[Haskell-cafe] lambda calculus and equational logic

Ben Lippmeier benl at ouroborus.net
Tue Jul 13 09:51:08 EDT 2010

On 13/07/2010, at 20:47 , Brent Yorgey wrote:

> On Wed, Jul 07, 2010 at 09:56:08AM +0100, Patrick Browne wrote:
>> Hi,
>> In Haskell what roles are played by 1)lambda calculus and 2) equational
>> logic? Are these roles related?
>> Hopefully this question can be answered at a level suitable for this forum.
> Since no one else has responded I'll take a quick stab at answering,
> and others can fill in more information as appropriate, or ask further
> questions.
>  2) Haskell is able to embrace equational logic because of its
>     insistence on purity: in a Haskell program (leaving aside for the
>     moment things like seq and unsafePerformIO) you can always
>     "replace equals by equals" (where equality is the normal
>     beta-equality for System F omega, plus definitional equality
>     introduced by Haskell declarations) without changing the
>     semantics of your program. So the story of an equational logic
>     for System F omega and the story of evaluating Haskell programs
>     are to a large extent the same story.

Replacing equals by equals usually doesn't change anything.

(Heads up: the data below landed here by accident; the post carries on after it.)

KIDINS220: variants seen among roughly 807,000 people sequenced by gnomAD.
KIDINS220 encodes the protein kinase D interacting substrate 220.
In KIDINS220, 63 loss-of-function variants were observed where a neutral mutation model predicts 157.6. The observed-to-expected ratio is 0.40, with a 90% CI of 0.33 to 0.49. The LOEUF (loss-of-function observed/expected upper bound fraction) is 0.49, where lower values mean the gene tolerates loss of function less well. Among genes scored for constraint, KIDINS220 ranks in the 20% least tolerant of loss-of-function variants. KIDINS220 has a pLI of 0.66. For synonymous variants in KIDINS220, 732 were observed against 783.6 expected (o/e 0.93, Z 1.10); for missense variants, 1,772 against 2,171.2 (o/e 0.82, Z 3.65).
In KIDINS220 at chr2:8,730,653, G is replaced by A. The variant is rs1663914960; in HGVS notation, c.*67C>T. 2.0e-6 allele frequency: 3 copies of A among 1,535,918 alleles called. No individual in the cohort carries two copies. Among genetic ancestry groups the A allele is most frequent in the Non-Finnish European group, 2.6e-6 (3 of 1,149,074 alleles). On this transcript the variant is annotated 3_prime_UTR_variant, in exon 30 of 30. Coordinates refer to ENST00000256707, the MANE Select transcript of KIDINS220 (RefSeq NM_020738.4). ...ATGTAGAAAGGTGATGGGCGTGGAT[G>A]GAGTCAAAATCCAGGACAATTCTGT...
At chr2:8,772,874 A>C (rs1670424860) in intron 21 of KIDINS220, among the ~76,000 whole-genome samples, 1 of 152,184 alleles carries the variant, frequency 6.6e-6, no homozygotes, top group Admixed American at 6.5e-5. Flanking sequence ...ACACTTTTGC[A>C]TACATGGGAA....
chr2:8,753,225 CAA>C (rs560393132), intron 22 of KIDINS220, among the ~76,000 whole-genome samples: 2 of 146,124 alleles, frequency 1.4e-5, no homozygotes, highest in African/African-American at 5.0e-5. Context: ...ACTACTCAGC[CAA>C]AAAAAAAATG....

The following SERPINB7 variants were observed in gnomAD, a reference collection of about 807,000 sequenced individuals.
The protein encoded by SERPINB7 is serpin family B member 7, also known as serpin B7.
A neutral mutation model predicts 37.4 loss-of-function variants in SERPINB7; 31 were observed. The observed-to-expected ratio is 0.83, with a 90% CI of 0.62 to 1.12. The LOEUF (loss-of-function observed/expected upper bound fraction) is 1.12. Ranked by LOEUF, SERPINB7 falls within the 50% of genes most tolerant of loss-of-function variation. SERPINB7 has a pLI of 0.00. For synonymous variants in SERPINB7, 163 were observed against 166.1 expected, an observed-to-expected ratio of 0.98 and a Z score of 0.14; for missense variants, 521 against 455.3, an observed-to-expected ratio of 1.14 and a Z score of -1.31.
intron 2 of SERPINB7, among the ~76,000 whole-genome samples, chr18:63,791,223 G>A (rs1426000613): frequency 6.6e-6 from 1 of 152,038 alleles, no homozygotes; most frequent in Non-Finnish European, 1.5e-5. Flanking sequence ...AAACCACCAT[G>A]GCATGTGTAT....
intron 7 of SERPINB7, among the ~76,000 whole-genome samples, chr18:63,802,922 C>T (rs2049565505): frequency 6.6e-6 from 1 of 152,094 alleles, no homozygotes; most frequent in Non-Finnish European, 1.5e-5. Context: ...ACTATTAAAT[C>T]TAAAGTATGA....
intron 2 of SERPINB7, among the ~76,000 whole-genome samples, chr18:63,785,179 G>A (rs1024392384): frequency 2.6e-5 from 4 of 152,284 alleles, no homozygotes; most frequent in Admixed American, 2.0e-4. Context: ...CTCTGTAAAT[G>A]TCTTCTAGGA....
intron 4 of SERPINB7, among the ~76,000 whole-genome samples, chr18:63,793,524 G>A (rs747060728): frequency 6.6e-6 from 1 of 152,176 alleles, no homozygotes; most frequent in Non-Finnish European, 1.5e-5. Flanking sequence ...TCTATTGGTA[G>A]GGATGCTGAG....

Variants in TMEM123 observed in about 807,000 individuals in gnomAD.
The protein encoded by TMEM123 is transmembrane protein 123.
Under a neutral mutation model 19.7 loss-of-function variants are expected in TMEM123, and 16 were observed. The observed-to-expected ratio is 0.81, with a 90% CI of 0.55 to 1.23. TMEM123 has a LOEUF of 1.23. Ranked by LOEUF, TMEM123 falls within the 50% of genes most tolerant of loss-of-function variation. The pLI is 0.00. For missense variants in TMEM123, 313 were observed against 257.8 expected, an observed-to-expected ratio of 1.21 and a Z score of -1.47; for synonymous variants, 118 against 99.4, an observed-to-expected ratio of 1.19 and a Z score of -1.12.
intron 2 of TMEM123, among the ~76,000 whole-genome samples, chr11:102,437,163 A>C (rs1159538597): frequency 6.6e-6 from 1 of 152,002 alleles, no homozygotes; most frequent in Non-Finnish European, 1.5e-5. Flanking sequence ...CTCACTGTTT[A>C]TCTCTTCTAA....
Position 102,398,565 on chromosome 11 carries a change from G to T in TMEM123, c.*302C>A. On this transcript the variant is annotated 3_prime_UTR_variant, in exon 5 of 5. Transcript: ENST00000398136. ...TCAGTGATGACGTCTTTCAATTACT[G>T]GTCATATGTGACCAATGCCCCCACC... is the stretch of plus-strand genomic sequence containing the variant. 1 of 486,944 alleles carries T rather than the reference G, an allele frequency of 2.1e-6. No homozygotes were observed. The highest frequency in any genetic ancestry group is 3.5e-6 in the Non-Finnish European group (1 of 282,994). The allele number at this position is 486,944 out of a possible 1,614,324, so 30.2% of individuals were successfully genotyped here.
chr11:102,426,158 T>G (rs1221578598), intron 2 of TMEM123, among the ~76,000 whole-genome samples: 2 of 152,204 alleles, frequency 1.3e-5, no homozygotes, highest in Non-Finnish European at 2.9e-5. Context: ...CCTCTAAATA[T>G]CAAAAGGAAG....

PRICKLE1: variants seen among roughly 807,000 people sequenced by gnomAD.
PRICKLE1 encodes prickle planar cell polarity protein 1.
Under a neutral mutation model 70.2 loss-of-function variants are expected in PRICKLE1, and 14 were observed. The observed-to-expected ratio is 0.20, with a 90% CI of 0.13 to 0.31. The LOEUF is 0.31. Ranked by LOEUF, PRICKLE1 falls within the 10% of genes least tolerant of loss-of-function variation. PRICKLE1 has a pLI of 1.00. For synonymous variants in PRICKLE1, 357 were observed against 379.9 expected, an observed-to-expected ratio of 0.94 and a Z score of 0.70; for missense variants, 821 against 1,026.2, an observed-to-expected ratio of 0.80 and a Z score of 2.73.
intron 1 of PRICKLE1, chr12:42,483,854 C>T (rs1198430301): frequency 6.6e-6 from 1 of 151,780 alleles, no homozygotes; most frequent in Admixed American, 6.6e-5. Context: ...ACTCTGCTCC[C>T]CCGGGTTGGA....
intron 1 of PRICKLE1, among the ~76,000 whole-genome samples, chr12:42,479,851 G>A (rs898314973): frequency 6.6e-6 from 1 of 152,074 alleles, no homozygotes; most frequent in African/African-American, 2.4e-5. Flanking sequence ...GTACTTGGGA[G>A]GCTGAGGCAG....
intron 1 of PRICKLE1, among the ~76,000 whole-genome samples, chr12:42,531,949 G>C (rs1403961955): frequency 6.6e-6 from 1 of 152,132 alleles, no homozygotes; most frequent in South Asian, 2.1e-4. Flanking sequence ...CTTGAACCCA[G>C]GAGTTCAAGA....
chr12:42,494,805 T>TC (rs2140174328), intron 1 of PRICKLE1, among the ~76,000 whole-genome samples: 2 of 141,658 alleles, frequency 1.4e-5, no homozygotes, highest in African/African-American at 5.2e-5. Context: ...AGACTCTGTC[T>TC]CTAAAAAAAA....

What kind of equality do you use for  getChar :: IO Char ?

>  Coming up with equational
>     logics corresponding to most imperative languages (or even a
>     non-pure functional language like OCaml) is massively complicated
>     by the need to keep track of an implicit "state of the world" due
>     to the presence of side effects.

By "massively complicated" you mean "harder than the simplest case." Haskell's do-notation makes the "state of the world" implicit, and performing the desugaring makes it explicit again -- but then that state isn't really "the state of the word"...

Sorry or my heckling. You gave a fine answer, to the standard question. However, I propose mandating that all such questions asked on the haskell-beginners list are answered with "Haskell's purity solves everything" -- but  on haskell-cafe they should get "Haskell's purity solves everything, but read Sabry's paper on What is a Purely Functional Language, because it's really more subtle than that."


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